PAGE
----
The final presentation of the term will be this week at the House of Lords on Wednesday evening, where I will be showing the Mistra project to the All Parliamentary Working Group for Design and Innovation.

*Ehrenfeld, J. (2008) Sustainability by Design: A Subversive Strategy for Transforming our Consumer Culture, Yale University Press: UK

Practice-based sustainable design strategies


Faculti aims to communicate the latest research news, publications and information in a way that is accessible and available to the wider public.  Film is their medium of choice, capturing research at the cutting edge of innovation by delivering insights from academics and professionals who are leaders in their fields. Featured on their website is Prof. Rebecca Earley who shares the research imperative that inspired the Responsible Living exhibition. Curated by TED for the VF Corporation, the exhibition presented prototypes that explore future sustainability for VF Corporation’s 25+ clothing brands, using The TEN as a framework.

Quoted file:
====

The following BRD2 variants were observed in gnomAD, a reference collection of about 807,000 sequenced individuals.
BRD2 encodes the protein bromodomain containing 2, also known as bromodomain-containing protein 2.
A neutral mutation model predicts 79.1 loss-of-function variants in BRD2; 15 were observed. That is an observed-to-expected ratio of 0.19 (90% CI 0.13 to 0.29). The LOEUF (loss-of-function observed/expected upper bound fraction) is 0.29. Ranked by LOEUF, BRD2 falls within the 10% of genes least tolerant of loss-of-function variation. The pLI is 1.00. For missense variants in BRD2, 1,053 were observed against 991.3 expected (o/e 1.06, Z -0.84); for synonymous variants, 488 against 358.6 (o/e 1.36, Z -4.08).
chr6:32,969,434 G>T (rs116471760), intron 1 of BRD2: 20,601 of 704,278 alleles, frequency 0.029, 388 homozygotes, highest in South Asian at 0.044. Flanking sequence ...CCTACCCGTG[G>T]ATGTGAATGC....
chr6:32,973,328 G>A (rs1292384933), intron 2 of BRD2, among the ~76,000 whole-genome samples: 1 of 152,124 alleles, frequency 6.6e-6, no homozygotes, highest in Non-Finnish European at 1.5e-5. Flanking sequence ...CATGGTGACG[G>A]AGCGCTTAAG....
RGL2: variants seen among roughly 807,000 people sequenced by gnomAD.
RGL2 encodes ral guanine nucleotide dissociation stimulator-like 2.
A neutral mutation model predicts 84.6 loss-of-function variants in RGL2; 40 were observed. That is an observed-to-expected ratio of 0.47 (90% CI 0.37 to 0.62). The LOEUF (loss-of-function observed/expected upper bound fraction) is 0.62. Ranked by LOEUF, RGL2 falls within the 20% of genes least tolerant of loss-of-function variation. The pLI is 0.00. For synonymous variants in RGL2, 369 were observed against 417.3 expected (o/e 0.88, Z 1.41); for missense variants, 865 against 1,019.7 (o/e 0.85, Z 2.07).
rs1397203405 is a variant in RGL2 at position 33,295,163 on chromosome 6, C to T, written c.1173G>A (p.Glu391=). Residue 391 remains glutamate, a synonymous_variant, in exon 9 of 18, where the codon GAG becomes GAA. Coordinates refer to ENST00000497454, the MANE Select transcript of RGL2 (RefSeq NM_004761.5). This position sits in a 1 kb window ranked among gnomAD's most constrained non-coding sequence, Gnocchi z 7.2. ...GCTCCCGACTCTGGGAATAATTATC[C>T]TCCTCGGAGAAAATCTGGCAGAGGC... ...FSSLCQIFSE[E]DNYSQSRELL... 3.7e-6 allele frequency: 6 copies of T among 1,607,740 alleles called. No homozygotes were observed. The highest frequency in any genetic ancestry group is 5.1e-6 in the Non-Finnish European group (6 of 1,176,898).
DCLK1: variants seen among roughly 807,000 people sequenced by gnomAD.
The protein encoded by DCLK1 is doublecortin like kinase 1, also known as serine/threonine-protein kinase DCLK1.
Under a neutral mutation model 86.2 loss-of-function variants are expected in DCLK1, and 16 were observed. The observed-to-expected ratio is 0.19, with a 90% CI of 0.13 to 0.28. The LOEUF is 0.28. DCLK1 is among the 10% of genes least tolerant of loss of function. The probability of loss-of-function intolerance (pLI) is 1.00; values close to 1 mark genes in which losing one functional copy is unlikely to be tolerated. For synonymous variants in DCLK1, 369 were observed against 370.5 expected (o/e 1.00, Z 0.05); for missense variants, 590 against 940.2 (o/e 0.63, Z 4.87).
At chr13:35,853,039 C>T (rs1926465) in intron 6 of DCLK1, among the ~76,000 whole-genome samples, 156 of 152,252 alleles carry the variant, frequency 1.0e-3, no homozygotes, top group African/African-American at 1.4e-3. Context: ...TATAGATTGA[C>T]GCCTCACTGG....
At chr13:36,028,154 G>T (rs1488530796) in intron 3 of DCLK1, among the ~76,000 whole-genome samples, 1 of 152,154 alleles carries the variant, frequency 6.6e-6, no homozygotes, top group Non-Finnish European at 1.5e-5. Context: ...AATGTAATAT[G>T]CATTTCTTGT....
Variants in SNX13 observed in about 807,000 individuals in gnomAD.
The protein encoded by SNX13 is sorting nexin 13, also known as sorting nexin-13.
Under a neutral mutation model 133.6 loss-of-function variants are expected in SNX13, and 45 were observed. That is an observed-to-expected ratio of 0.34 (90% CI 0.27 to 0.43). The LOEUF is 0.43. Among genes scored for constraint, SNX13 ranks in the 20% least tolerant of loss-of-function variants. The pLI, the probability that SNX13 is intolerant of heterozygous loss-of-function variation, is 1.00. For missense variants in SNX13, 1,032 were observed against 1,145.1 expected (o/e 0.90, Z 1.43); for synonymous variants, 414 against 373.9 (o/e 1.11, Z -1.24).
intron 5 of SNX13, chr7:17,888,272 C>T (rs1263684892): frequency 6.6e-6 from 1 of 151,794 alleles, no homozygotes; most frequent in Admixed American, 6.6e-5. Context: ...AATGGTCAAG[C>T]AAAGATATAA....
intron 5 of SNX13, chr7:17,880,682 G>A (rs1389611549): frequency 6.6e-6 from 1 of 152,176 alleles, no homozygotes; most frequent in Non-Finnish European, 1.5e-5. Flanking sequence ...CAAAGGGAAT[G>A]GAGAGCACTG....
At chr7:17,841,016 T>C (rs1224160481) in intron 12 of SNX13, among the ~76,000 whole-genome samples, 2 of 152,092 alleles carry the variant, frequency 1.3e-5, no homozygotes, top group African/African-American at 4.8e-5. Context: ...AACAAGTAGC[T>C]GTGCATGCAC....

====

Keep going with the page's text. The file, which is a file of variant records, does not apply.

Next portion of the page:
The exhibits demonstrate a holistic approach to sustainable textiles and fashion design which include concepts for long life denim, multifunctional packaging to reduce waste, repair strategies, social innovation in the supply chain, fast fashion, new technologies and materials for manufacturing.

The film is available to watch here.

PechaKucha research presentations

Miriam Ribul & Hanna de la Motte- Regenerated cellulose fibres 400

Anne Marr, Miriam Ribul and Emmeline Child will present their research in a symposium as part of the ‘Transition: Re-thinking Textiles and Surfaces’ conference at the University of Huddersfield. The PechaKucha style presentations will be part of a session on day two of the conference. The conference will be presenting 50 papers from over 11 countries and Professor Becky Earley will be giving a keynote on day one.

The conference proposes to explore the future of textiles and surfaces within different industries and contexts. The aim is to examine current and future developments in the field asking: how might we re-think textiles and surfaces in a climate of transition?

A full website with conference proceedings, hotel and venue information and registration is available here.